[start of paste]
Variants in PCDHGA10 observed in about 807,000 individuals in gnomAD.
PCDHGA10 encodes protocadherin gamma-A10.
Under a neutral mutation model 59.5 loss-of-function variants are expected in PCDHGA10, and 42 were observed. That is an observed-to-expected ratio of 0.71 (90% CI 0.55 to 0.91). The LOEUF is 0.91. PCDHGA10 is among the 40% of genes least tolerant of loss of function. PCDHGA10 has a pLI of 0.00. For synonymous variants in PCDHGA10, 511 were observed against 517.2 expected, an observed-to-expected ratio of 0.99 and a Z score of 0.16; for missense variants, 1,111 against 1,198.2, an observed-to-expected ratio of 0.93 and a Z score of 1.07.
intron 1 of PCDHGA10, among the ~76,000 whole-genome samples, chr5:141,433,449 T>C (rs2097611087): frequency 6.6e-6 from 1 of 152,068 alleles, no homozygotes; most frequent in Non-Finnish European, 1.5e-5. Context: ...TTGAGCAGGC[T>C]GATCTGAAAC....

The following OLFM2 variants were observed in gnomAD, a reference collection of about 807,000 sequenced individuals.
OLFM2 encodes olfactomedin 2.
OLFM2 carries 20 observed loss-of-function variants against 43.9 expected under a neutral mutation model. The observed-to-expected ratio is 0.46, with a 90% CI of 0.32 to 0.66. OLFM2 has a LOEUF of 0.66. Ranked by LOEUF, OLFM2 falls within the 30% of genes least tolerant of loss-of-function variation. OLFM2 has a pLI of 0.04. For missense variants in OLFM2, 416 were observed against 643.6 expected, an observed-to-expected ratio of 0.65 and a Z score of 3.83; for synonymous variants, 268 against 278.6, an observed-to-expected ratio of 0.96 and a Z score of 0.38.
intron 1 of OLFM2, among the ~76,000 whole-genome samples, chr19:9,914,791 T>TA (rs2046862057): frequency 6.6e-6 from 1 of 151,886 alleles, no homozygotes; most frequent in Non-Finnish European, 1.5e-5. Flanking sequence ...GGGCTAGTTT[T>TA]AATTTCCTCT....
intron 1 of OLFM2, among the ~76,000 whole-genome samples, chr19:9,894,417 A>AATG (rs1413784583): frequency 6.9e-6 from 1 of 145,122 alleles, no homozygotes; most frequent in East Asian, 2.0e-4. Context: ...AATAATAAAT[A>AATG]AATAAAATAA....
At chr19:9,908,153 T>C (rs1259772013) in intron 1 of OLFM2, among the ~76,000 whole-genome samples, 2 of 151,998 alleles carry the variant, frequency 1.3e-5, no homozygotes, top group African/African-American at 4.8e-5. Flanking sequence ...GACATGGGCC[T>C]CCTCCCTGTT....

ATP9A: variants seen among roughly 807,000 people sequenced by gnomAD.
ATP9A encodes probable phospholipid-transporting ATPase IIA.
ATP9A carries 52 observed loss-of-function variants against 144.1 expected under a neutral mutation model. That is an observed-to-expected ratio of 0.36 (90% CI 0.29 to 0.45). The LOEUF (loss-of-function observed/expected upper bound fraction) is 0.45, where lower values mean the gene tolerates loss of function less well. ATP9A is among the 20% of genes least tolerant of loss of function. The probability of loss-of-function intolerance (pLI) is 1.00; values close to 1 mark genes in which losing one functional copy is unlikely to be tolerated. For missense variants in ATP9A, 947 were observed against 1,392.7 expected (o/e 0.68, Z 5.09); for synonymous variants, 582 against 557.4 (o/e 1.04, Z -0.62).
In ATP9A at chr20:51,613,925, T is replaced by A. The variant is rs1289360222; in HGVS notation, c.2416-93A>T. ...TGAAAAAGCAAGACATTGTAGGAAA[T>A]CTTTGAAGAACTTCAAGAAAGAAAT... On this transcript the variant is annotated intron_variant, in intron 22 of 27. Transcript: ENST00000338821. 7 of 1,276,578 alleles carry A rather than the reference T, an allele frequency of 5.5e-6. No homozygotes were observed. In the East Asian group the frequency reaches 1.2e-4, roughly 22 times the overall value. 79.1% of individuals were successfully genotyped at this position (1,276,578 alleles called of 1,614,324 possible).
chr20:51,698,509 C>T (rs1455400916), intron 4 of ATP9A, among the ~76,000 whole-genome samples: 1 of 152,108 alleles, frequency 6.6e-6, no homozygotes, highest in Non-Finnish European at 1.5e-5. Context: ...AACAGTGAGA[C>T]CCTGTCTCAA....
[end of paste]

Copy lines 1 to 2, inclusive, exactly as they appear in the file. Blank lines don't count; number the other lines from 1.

Variants in PCDHGA10 observed in about 807,000 individuals in gnomAD.
PCDHGA10 encodes protocadherin gamma-A10.